Home prices rose 6.8 percent year-over-year in the month of December, pushing the median home sale price up to $287,000. Home sales for the month were down 2.8 percent, and the level of available-for-sale inventory plummeted 14.5 percent year-over-year, making December the 27th month of consecutive declines.
Furthermore, the number of homes newly listed for sale in December decreased 3.0 percent, representing only 2.6 months of supply (rather than the typical six month’s worth). When looking at the year as a whole, home sales increased 1.7 percent over 2016 and prices rose 7.0 percent to a median sales price of $284,500.
Like last year, low inventory will be the biggest driver of the 2018 real estate market. Major housing market dynamics don’t shift dramatically when the clock strikes midnight on Jan. 1st. We anticipate a continuation of the same trends we’ve been seeing for the past few years. Price growth will remain strong as many homeowners will remain deterred from selling due to the low mortgage rates they’ve locked in and the high price of their would-be move-up home.
San Jose, California, and Seattle had record-low levels of supply matched with record-high home price growth. San Jose and Seattle had 0.5 and 0.6 months of supply, respectively, meaning “that if the pace of home sales continued and no new homes were listed, it would only take about two weeks for all the homes currently for sale to find buyers,” said the report.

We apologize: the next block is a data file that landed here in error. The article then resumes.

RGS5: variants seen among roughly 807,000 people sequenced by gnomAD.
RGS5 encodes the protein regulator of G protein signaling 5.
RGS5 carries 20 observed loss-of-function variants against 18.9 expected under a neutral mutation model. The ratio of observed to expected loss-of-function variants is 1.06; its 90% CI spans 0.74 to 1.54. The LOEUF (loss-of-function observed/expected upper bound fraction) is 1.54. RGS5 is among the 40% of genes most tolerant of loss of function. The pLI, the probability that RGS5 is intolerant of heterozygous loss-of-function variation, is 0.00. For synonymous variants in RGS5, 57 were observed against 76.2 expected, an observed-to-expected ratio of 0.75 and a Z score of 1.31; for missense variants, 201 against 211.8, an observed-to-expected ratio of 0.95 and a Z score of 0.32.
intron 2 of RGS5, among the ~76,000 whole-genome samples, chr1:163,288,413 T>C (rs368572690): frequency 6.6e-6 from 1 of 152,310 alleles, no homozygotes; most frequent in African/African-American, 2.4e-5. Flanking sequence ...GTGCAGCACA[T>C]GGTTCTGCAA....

But, the lack of supply didn’t halt buyer demand as evidenced by San Jose’s spot as the fastest and most competitive market with homes selling within 12 days, and most at above listing price (76.2 percent).Despite these factors, San Jose is still more affordable than its neighbor to the north — San Francisco. Even highly-paid tech workers are priced out of San Francisco and moving to San Jose. This demand coupled with low inventory and job growth at the tech campuses in the South Bay has caused prices to soar.